This article by Svetlana Polivanova, a regular author for Pravoslavie.ru, on the Kondinskoe-Holy Trinity Monastery was sent to the editors of the site in March, but it was decided to time its publication to the patronal feast of the monastery—Pentecost. And in May, we found out that Svetlana—a journalist, historian, a researcher of the fate of Orthodoxy and the ascetics of God in Ugra, an honored cultural figure of Ugra, teacher, and public figure—reposed. We offer our condolences to her family and friends and colleagues, and we ask our readers to pray for the newly-reposed handmaiden of God, Svetlana.
In June 1918, the ship “Red Star” approached the footbridge to the Kondinskoe Monastery, bringing a detachment of Red Guards. For two days, there were fervent debates in the monastery about whether the new authorities had the right to seize the convent’s property. Two days later, the squad commander P. I. Peisel, in the presence of his assistant P. G. Chemagin and thirty Red Guards, announced the nationalization of the monastery’s possessions to the villagers.
The commander was immediately joined by political exiles—“the poor.” “Our hour has come…” said those who often found themselves in poverty due to their negligence and laziness, rubbing their hands together. “We will tear the old world down to the ground.” “We will build a beautiful, happy, free society on earth.” How far these illusions were from real life, time would tell. In the meantime, proximity to the new authorities required loyalty. The elderly resident of Oktyarbrskoe A. V. Kalachev told me in the words of his mother, who came from a religious family, that it was these poor who plundered and closed first the Holy Trinity-Kondinskoe Monastery in 1923, and then the Church of the Life-Giving Trinity in 1930, at the instigation of the communists.
“Here is a danger of another kind”
The Kondinskoe Monastery is the first in the Ob North. It was founded in the seventeenth century by petition of the Alachev Ostyak1 princes. As one poem by Galina Illarionovna Makarova, a native of these places, says about the time of the creation of the monastery, “Russia has discovered Siberia,” and therefore, the establishment of Orthodoxy was a matter of political importance for the state. In the inventory of Church property compiled in 1923, it is recorded that one of the bells was given to the monastery by the older brother of Peter I—Theodore Alexeevich. For several centuries, its toll announced the presence of Orthodoxy in these remote taiga areas.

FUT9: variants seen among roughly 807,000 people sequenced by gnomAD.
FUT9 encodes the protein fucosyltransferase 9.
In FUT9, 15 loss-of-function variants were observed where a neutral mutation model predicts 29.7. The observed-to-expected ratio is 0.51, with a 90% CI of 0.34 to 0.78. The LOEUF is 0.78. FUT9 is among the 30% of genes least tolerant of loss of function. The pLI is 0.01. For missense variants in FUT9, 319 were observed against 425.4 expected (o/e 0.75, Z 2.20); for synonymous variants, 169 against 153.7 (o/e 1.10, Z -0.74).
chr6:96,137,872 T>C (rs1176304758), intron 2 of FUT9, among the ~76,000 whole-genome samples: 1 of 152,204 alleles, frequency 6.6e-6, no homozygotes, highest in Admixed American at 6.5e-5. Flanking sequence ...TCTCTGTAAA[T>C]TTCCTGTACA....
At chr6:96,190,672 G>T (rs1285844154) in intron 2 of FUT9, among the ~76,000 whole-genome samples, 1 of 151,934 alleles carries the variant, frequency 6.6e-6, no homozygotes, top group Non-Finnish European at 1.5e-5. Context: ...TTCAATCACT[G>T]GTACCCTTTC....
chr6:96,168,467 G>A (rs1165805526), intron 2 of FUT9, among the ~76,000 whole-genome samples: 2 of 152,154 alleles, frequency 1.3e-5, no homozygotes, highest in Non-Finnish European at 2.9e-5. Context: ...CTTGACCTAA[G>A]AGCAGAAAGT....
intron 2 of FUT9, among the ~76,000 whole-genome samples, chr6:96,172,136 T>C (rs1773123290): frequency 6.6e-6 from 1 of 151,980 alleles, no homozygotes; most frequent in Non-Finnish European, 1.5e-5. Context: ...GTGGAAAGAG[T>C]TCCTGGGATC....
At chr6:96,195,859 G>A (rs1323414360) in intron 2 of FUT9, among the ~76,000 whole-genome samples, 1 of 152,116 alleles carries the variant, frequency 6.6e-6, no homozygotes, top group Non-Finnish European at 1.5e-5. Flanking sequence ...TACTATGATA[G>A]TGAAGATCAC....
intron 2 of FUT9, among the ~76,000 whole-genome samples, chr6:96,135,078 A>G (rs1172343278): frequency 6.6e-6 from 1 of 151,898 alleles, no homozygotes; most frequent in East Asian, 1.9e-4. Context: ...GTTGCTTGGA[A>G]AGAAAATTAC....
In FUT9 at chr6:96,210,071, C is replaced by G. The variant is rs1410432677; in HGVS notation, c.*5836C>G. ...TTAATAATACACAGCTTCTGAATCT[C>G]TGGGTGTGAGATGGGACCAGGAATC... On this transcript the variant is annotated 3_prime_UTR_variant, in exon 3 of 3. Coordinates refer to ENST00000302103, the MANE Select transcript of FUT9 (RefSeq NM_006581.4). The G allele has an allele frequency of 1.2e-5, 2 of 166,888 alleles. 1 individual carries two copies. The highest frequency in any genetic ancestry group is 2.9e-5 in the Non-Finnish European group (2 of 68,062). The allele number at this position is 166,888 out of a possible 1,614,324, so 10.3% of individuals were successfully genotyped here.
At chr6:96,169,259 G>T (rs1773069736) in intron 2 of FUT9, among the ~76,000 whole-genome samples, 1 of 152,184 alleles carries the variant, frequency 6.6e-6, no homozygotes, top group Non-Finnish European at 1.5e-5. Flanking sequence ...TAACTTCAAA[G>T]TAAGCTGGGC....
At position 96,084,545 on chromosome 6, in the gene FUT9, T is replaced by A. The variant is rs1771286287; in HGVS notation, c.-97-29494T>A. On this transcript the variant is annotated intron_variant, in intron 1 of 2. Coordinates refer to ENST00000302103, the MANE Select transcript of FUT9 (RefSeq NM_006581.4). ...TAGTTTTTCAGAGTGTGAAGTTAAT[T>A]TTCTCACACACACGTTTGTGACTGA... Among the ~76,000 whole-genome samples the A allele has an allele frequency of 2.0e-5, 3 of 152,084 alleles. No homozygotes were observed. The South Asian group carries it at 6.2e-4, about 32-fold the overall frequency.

As Olga Spiridonova, a consultant of the Ugra Archive Service, notes in her publication, in the seventeenth century, the monastery received land “for three versts2 around” and had a large farm: a forge, four mills, and a malt house. The monks extracted iron ore and mica, manufactured windows, butter, hempseed oil, and candles, they baked bread themselves, raised fish, and kept livestock. The Kondinskoe monastery was considered prosperous, owning 775 peasants.
Difficult times came for the monastery after Catherine’s decree on the secularization of Church estates. In the late-nineteenth century, it was transformed from a male to a female monastery. Nuns from the Tobolsk-St. John-Entrance of the Theotokos Monastery were sent there. And as happens, the women immediately put things in order: They restored the iconostasis, painted the walls of the churches, and started teaching the local children to read and write.
But the tragic twentieth century was already on the threshold. The proximity of the change was clearly felt by many of those living at that time. But whoever was able to “see” ahead prophesied not only about the sorrows the Church would endure, but also about the spirit of its renewal and purification. Did the nuns, who at the end of the nineteenth century went to bear obedience in a monastery lost in the taiga backwoods, know what soon awaited them in this new place? It recalls the letters of the Hieromartyr German (Ryashentsev) that he sent to his spiritual children from exile in the early 1920s, from the village of Samarovo (now Khanty-Mansiysk), which talk about the moral atmosphere that reigned in those years in Siberia:
“Here is a danger of another kind: everything all around … is very crude and primitive now, living and attuned in a completely pagan way.”
But the monastery gradually united the most spiritually healthy forces of society around itself. “The people are made up of saints, not a crowd of people,” St. John Chrysostom said, succinctly defining this process. Unfortunately, little evidence of the life of the nuns of Kondinskoe Monastery after the revolution has survived. According to a few unverified sources, when the community was dissolved, the abbess, Mother Seraphima, was arrested and sent to Tobolsk under guard.